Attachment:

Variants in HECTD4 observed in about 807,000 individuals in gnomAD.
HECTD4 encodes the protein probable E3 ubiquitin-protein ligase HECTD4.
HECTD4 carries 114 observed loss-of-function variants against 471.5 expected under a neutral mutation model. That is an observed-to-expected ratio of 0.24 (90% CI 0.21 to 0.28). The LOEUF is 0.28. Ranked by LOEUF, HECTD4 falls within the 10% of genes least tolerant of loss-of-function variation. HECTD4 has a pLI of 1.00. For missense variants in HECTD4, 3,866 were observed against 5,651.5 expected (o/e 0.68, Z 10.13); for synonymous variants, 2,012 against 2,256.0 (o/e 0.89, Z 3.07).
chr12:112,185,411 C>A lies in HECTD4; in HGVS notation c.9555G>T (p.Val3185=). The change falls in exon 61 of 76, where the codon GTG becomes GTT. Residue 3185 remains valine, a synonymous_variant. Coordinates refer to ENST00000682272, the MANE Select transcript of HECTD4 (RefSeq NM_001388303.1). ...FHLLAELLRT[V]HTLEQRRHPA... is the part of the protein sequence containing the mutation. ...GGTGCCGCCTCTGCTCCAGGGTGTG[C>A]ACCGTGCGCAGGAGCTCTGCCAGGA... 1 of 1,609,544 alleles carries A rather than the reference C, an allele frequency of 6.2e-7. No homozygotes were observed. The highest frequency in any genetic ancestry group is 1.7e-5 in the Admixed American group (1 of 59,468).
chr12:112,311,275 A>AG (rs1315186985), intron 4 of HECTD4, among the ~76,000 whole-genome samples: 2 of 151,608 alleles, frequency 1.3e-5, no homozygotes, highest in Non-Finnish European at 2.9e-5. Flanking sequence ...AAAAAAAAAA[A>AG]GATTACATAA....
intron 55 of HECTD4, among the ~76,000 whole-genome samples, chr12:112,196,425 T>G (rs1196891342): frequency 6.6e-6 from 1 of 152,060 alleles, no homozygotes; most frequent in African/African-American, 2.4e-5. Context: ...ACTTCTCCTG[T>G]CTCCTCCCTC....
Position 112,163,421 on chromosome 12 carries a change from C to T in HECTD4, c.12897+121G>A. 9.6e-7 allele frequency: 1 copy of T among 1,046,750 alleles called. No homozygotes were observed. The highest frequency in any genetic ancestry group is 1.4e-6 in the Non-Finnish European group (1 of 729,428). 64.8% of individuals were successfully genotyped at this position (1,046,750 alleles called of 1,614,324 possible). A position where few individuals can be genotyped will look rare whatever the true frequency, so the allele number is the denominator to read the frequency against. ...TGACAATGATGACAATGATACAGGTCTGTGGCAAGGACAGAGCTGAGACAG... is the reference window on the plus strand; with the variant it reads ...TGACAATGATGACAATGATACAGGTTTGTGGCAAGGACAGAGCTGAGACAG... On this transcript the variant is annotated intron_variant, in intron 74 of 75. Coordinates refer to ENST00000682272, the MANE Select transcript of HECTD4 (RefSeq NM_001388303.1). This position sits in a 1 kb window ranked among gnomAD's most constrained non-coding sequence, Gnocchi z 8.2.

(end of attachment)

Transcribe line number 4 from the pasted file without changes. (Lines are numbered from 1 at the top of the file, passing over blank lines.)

chr12:112,185,411 C>A lies in HECTD4; in HGVS notation c.9555G>T (p.Val3185=). The change falls in exon 61 of 76, where the codon GTG becomes GTT. Residue 3185 remains valine, a synonymous_variant. Coordinates refer to ENST00000682272, the MANE Select transcript of HECTD4 (RefSeq NM_001388303.1). ...FHLLAELLRT[V]HTLEQRRHPA... is the part of the protein sequence containing the mutation. ...GGTGCCGCCTCTGCTCCAGGGTGTG[C>A]ACCGTGCGCAGGAGCTCTGCCAGGA... 1 of 1,609,544 alleles carries A rather than the reference C, an allele frequency of 6.2e-7. No homozygotes were observed. The highest frequency in any genetic ancestry group is 1.7e-5 in the Admixed American group (1 of 59,468).